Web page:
Predisposing genetic variants could, in the future, be used to predict who will develop dementia. Individuals genetically predisposed to dementia may benefit from therapeutic interventions in the early stages of the disease. Early intervention could significantly prevent or delay the onset, which in turn would improve quality of life of the patient and their relatives and would significantly reduce the public health burden.
The majority of familial early onset Alzheimer's disease (EOAD) is caused by mutations in APP, PSEN1 and PSEN2. These genes have almost complete penetrance (>85%) and a clear autosomal dominant pattern of inheritance. Thus, the presence of a mutation is virtually synonymous with disease. Complicating the wide-spread use of genetic testing for familial EOAD is the relative rarity of cases and the fact that there are multiple mutations in these genes producing the same phenotype. Thus, genetic testing requires full sequencing of the gene.
Current knowledge suggests that a variety of mechanisms underlie the various neuropathological and clinical changes, and that these have different genetic and environmental components. Thus, it is likely that late-onset cognitive impairment is a complex genetic disorder characterized by an interaction of multiple genes and the environment leading to genetic variants that have incomplete penetrance and a low-magnitude associated risk. Consistent with this notion is the fact that to date only APOE
has been firmly identified as a genetic risk factor, although segregation analyses conducted in families of patients with LOAD support the presence of additional(Daw, Payami et al. 2000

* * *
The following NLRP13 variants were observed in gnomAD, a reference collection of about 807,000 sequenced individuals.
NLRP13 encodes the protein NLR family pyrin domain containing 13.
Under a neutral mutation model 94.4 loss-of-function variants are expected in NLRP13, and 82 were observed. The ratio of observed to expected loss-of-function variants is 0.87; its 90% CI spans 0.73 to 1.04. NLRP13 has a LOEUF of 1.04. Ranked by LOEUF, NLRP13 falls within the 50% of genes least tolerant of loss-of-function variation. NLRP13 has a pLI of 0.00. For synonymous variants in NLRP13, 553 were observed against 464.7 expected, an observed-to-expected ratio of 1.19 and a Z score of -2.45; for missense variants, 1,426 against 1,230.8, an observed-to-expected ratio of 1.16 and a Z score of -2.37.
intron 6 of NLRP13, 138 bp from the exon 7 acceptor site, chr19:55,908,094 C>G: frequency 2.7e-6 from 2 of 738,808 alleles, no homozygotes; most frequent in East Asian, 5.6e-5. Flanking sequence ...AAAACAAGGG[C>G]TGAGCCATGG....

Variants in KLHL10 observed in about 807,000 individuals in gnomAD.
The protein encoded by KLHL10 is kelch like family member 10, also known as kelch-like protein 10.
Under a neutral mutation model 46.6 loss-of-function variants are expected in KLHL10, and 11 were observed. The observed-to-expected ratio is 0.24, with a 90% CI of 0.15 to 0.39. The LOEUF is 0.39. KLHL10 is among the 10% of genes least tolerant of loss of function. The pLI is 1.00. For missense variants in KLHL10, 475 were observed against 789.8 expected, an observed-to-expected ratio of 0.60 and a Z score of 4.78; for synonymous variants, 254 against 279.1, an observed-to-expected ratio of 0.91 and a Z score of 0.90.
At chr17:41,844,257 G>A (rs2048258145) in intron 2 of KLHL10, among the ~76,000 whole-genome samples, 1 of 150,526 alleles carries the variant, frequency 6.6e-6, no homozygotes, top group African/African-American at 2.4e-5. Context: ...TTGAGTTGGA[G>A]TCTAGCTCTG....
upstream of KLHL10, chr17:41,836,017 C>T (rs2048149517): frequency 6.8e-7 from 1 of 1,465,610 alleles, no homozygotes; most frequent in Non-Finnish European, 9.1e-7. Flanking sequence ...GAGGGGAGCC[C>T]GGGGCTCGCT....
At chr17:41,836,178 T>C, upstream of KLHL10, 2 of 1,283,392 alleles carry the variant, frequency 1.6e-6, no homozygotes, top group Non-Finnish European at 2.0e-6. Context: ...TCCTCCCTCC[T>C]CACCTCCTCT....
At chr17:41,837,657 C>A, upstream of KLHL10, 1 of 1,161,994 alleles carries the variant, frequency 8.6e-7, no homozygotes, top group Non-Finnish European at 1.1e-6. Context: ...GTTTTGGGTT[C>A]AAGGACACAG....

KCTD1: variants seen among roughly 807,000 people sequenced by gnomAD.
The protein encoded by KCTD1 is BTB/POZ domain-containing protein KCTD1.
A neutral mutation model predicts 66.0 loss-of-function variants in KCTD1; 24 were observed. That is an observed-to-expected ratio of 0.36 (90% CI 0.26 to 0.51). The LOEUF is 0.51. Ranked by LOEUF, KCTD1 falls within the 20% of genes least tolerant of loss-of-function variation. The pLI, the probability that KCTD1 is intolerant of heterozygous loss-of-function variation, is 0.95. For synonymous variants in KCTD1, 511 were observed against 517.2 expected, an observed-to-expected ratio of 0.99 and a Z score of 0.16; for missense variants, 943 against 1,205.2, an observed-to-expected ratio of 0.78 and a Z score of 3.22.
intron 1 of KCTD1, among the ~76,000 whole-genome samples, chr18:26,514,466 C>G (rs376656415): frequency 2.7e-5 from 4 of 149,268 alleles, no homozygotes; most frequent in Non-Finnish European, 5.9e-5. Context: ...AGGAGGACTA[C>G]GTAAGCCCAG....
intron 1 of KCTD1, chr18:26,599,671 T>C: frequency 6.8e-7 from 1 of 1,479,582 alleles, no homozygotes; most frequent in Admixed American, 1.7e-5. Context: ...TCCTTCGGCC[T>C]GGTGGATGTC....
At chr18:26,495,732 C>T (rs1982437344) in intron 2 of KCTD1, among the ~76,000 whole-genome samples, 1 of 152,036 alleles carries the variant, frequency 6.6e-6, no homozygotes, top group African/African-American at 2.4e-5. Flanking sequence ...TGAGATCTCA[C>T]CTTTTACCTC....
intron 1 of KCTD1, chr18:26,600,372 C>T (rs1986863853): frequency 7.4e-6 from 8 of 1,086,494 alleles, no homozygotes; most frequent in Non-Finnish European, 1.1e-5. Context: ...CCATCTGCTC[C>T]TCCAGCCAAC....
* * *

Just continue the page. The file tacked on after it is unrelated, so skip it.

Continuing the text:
). With a population attributable risk that is estimated at 20–50%, the APOE
ε4 allele increases risk of cognitive impairment, LOAD, and ageof onset of cognitive impairment in a dose-dependent fashion: one ε4 allele is associated with a 2–3 fold increased risk, having two copies is associated with a 5–10 fold increase. Similar effect sizes have been observed for progression of cognitive impairment to dementia.
was identified as a candidate gene in which two haplotypes in the 3' and 5' regions of the gene (Rogaeva, Meng et al. 2007
)found to be associated with LOAD, with effect sizes ranging from odds ratios of 1.4 to 2.2. Subsequent studies have confirmed the association(Reitz, Cheng et al. 2011
). Variants in APOE
lack sufficient sensitivity and specificity to be used as diagnostics. Variants in both increase risk of cognitive impairment in a non-Mendelian fashion, are not fully penetrant, and that they are neither necessary nor sufficient by themselves to cause impairment. The same is likely to be true for the remaining yet-to-be-identified genetic factors associated with cognitive decline.
There have been approximately 16 genome-wide association studies (GWAS) published to date. Most of these studies have included unrelated patients with LOAD and controls, but there are three studies that used family data(Bertram, Lange et al. 2008
; Poduslo, Huang et al. 2009
; Wijsman, Pankratz et al. 2011